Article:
Mi wife wastin’ wi clemmin’ an’ care;
O’ mi childer kept cravin’ for bread,
An’ mi sorrows geet hardher to bear.
For eawr sperits wur quite brocken deawn,
An’ o’ gone wur eawr family pride;
An’ we’d plann’d, an’ we’d schem’d, an’ we’d clem’d,
An’ we’d no honest shift left unthried.


We could still gwo to th’ board, an’ aw went, -
Towd mi tale wi’ great tears i’ mi een, -
“Yo’n a very hard case, John, they said,
Welly th’ hardest we’n yet ever seen;
Bo this awful condition o’ things,
An’ th’ wur state ut we’re fast comin’ to,
Maks admittance to th’ ‘Heawse’ John, for yo,
Abeawt th’ very best thing we con do.”


Theer aw stoode, an’ kept starin’ a whoile;
Aw wur gloppent wi’ th’ sentence they’d pass’d;
An’ mi heart leapt fair up int’ mi throat,
Till aw broke eawt a skroikin’ at last.
For aw know’d heaw aw’d powlart an’ teighlt,
An’ aw’d done o ut e’er a mon could;
Hopin’ t’keep mi boat swimmin’ thro’ th’ storm,
An’ aw neaw felt it sinkin’ i th’ flood.


Any mon wi’ a good lovin’ woife,
An’ wi’ childher o prattlin’ abeawt;
Wi’ a whoam, when ther’s wark, loike a heaven,
He may partly mi feelin’s mak eawt.
Aw’ve bin strugglin’ up th’ hill o mi loife,
An’ did hope better days aw should see;
But aw’st stick to mi whoam tho’ it’s bare.
For a bastille is no place for me.


So we’n nowt for it neaw bo clem on,
For aw darno tell this tale to th’ woife;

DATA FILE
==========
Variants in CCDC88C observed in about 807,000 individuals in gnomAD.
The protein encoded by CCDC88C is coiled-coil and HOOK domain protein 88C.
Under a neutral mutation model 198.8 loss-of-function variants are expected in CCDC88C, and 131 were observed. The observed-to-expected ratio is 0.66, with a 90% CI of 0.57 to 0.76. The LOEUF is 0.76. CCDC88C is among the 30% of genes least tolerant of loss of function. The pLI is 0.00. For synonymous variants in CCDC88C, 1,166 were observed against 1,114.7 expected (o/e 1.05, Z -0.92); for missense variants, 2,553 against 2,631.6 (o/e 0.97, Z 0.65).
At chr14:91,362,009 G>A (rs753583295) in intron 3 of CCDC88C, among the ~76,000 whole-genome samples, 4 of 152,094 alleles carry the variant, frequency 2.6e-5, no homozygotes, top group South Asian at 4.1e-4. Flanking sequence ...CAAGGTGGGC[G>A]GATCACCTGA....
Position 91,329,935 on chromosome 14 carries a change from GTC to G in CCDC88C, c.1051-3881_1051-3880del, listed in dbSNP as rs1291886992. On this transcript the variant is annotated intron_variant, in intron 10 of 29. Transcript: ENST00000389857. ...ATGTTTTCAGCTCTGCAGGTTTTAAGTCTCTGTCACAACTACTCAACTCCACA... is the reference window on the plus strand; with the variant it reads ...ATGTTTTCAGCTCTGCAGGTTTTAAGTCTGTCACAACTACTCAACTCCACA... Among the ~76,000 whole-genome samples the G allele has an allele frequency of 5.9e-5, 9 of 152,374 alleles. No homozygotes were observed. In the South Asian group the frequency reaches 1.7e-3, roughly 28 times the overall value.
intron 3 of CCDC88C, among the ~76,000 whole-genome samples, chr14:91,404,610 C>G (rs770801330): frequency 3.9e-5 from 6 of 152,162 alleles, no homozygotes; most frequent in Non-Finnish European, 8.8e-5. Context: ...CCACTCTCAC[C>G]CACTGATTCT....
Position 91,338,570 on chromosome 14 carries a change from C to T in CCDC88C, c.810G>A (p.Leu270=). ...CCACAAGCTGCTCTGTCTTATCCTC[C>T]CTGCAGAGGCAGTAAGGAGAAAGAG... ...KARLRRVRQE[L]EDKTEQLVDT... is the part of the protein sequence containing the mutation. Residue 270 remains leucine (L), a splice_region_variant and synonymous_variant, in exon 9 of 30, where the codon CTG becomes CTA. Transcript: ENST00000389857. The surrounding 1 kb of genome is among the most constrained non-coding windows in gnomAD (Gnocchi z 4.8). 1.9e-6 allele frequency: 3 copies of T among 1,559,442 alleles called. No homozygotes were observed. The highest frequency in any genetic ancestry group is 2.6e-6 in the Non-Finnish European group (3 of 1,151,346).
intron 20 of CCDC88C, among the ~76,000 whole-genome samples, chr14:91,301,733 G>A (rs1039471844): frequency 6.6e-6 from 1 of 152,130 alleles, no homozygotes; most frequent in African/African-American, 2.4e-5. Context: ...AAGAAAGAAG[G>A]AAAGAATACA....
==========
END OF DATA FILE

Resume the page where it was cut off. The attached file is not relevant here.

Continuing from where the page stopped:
To their own, folk ull cling i’ disthress,
It’s so hard to be parted i’ loife.
Thea mun just fling a thowt neaw an’ then,
O’er to us ut’s sich reason t’ be sad;
An’ thea’ll bear mi good wishes o reawnd,
To thi woife an’ thi lasses an’ lad.

Title:Eawt o' Wark.

Author:Joseph Ramsbottom

1. John Heywood
2. Simpkin, Marshall, and Co.

Published in:
1. 143 Deansgate, Manchester
2. London

1. 1864
2. 1864

Keywords:dialect, domesticity, pawn, poverty, unemployment, workhouse


The natural speech patterns in this poem are formed in the broadly nine-syllable lines by a metre which is largely anapaestic, being two unstressed syllables followed by a stressed one (‘For to tell folk o’ one’s own disthress’). The form of address here is indicated as epistolary at the beginning, with the letter addressed to the speaker’s brother, Jim. The addressee is even separated from the first line proper but maintains the syllable count, which shows real poetic awareness.

The fact that the speaker is writing to a close family member allows for a deeply emotional register towards the end of the piece, and Ramsbottom includes several elements of social observation, such as the speaker’s unwillingness to enter the workhouse despite the circumstances, and the selling off of the books, furniture, and fine clothes the family once had. This is a longer poem than some of Ramsbottom’s similar works, with fifteen octets, but then this poem functions as an account of both the social and emotional effects of the famine. That the speaker’s good wishes extended to his brother and his family at the end of the poem without enquiring after their circumstances suggests that his relative does not live within range of the Famine. While several Cotton Famine poems use intergenerational or inter-class conversations to illuminate contemporary issues this is an interesting example of family discourse, with the correspondents presumably of the same original social status but suffering very different fates.

- SR.